Everything. So an MH-60 embarking from a Kolkata class destroyer in the future will have one or more US crew aboard to man the comms? I don't see how you find it "perfectly reasonable", especially when we would have paid for the MH-60 in full, as well as the COMCASA eqiupment on-board - with our own hard earned money. And we get to spend more money accommodating foreign personnel for this requirement. Not to mention the mere presence of such foreign personnel who are not present as guests in a controlled environment like goodwill visits or exercises, but in real-time ops due to this so-called agreement is a huge problem for our op-sec.

Where in the agreement does it specify that a US crew member will accompany the equipment "all the time". Someone one posted the US-SoKo agreement as a pointer. Assuming that to be the template, perhaps you or anyone could point out the offending clause.

Past that point, what else? Everything has no data for me to start digging. I can only proceed when you are explicit in your assumption. You where in the above case for me to advance a counter.

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Re: COMCASA Signing By India: A Trap or Unshackling?

Postby arshyam » 07 Sep 2018 22:24

^^ We can't do much beyond go by what's in the public domain. Unless GoI chooses to reveal what they have signed for, we can only do so much, media spin doctors notwithstanding.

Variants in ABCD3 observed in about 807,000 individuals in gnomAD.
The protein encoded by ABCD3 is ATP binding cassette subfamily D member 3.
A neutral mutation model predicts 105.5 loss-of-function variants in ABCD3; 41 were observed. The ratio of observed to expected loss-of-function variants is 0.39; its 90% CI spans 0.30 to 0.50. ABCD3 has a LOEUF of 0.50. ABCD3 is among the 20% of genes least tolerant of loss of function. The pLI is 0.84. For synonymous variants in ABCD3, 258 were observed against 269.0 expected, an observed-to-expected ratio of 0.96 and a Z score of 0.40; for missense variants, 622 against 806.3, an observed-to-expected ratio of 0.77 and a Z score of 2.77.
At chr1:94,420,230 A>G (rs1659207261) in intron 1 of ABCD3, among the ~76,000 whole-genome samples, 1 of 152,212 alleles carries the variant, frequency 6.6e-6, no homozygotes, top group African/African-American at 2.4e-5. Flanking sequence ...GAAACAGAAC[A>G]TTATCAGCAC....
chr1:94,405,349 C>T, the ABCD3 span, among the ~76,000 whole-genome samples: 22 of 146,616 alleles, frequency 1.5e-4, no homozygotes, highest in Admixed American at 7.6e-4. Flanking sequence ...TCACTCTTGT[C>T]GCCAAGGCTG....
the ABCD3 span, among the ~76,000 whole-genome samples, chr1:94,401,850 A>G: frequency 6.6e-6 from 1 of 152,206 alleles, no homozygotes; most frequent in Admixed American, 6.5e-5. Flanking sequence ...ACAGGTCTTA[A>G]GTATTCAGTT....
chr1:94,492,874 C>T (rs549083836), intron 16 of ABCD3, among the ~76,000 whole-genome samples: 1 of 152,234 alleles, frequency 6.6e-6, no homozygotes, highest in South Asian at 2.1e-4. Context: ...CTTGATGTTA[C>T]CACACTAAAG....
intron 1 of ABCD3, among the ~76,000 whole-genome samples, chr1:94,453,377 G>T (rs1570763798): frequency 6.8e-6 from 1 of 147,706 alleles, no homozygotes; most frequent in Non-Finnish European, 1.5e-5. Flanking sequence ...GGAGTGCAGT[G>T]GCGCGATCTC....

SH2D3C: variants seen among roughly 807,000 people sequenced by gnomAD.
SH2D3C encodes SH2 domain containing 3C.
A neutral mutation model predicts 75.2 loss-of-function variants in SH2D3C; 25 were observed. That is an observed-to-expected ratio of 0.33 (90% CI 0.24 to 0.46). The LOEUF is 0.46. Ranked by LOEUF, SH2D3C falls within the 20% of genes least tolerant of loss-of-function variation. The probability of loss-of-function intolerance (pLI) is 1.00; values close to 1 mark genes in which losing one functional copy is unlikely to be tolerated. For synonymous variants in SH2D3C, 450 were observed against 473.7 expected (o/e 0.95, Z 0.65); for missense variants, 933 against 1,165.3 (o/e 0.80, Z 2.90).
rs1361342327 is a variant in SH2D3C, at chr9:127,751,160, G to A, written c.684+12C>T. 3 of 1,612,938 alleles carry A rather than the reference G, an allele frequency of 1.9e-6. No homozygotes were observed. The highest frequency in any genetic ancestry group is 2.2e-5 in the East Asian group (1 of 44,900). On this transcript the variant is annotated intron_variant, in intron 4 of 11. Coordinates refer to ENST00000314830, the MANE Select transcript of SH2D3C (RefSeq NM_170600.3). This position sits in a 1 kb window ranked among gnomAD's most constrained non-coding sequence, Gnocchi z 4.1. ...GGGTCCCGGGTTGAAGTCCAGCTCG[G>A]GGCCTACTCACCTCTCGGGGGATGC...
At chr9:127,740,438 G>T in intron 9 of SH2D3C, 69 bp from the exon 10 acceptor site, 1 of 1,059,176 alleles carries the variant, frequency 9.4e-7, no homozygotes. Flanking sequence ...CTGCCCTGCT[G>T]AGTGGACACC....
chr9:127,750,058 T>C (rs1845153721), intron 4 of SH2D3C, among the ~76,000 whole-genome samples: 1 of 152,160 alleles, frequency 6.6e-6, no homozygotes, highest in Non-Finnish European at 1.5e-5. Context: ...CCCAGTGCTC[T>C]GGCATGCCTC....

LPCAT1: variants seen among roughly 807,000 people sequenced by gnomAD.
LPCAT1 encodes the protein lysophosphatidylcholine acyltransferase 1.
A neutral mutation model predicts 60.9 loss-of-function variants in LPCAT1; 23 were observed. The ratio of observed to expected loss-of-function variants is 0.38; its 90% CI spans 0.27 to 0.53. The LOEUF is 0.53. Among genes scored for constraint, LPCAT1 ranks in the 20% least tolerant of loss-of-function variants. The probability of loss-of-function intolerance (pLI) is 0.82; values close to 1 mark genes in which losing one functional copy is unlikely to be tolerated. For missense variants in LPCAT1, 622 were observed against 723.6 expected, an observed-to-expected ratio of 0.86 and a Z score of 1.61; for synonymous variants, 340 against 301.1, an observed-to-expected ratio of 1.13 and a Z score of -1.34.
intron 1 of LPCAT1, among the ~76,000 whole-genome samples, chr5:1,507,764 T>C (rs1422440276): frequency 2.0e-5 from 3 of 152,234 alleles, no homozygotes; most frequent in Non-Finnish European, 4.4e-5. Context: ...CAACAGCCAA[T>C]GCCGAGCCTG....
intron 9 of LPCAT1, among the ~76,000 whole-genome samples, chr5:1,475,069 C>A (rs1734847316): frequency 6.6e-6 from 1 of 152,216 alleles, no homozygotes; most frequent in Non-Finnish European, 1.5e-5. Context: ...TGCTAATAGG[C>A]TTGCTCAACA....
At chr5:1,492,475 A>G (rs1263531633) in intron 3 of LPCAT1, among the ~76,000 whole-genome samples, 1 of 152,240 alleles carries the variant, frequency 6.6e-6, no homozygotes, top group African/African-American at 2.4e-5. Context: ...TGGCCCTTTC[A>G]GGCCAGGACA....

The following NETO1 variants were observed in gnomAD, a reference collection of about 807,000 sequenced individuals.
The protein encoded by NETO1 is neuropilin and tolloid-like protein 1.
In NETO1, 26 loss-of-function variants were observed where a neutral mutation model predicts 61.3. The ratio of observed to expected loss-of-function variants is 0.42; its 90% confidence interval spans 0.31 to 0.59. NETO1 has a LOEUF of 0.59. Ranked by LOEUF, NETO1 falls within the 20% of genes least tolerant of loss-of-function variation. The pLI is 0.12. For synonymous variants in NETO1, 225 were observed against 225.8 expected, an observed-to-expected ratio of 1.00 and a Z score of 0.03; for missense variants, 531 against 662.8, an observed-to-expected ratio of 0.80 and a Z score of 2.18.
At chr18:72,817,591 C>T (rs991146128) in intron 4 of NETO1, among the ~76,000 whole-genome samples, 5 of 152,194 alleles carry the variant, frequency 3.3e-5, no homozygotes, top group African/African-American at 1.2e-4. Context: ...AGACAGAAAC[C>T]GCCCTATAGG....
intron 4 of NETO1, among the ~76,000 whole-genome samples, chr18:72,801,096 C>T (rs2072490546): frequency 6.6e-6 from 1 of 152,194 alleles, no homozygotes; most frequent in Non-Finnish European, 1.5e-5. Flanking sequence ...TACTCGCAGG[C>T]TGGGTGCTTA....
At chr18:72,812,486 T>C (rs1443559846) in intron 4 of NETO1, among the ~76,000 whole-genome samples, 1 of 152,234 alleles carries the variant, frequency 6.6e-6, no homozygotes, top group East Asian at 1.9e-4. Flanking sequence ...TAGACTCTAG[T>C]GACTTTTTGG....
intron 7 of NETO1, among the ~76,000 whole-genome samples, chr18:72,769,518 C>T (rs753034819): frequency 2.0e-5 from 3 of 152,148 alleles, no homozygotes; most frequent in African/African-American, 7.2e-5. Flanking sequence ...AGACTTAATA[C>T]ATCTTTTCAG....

As to your question about the offending portion, Manish_P-ji has posted the relevant details above.

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Re: COMCASA Signing By India: A Trap or Unshackling?

Postby Picklu » 07 Sep 2018 22:27

don't think this is for afg.

More likely, f-teens are coming.

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Re: COMCASA Signing By India: A Trap or Unshackling?

Postby pankajs » 07 Sep 2018 22:32

arshyam wrote:^^ We can't do much beyond go by what's in the public domain. Unless GoI chooses to reveal what they have signed for, we can only do so much, media spin doctors notwithstanding.

As to your question about the offending portion, Manish_P-ji has posted the relevant details above.
Manish_P wrote:
arshyam wrote:BTW, some CISMOA equipment require US personnel to be present, inspect, etc. Are we okay with that?l


All, not some. Unless it is the one-to-one replacement of malfunctioning equipment.

Check para 9 of the CISMOA memorandum of agreement between the US and South Korea

Link - here

Relevant extract
PARAGRAPH IX
DoD-provided COMSEC equipment and materials, including keying materials, will be installed and maintained only by authorized US personnel. This does not preclude, during periods of operational necessity, the one-for-one replacement of malfunctioning equipment by MND personnel. When authorized by the US, qualified ROK personnel may remove and/or replace US COMSEC equipment previously installed by US personnel. For purposes of performing required maintenance and periodic inspections, authorized and duly identified US personnel will be permitted timely access to DoD-provided COMSEC equipment and material.